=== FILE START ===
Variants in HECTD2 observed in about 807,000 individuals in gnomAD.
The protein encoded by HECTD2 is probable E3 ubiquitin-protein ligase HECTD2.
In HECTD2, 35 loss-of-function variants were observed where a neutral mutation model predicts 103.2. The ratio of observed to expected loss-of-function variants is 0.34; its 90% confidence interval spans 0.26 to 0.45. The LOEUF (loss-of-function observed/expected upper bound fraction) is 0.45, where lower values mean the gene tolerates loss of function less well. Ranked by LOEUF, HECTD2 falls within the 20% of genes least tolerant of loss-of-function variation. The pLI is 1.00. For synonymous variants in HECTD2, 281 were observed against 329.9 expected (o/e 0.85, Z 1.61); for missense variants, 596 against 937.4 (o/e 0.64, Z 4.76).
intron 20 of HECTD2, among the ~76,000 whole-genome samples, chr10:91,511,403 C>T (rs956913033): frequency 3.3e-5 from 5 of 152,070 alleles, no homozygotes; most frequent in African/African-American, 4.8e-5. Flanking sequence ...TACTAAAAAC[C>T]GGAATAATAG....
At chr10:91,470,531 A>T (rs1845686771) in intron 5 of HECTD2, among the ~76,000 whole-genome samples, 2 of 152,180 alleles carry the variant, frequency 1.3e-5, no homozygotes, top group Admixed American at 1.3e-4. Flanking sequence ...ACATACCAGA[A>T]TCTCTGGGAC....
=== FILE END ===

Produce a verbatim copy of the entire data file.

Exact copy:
Variants in HECTD2 observed in about 807,000 individuals in gnomAD.
The protein encoded by HECTD2 is probable E3 ubiquitin-protein ligase HECTD2.
In HECTD2, 35 loss-of-function variants were observed where a neutral mutation model predicts 103.2. The ratio of observed to expected loss-of-function variants is 0.34; its 90% confidence interval spans 0.26 to 0.45. The LOEUF (loss-of-function observed/expected upper bound fraction) is 0.45, where lower values mean the gene tolerates loss of function less well. Ranked by LOEUF, HECTD2 falls within the 20% of genes least tolerant of loss-of-function variation. The pLI is 1.00. For synonymous variants in HECTD2, 281 were observed against 329.9 expected (o/e 0.85, Z 1.61); for missense variants, 596 against 937.4 (o/e 0.64, Z 4.76).
intron 20 of HECTD2, among the ~76,000 whole-genome samples, chr10:91,511,403 C>T (rs956913033): frequency 3.3e-5 from 5 of 152,070 alleles, no homozygotes; most frequent in African/African-American, 4.8e-5. Flanking sequence ...TACTAAAAAC[C>T]GGAATAATAG....
At chr10:91,470,531 A>T (rs1845686771) in intron 5 of HECTD2, among the ~76,000 whole-genome samples, 2 of 152,180 alleles carry the variant, frequency 1.3e-5, no homozygotes, top group Admixed American at 1.3e-4. Flanking sequence ...ACATACCAGA[A>T]TCTCTGGGAC....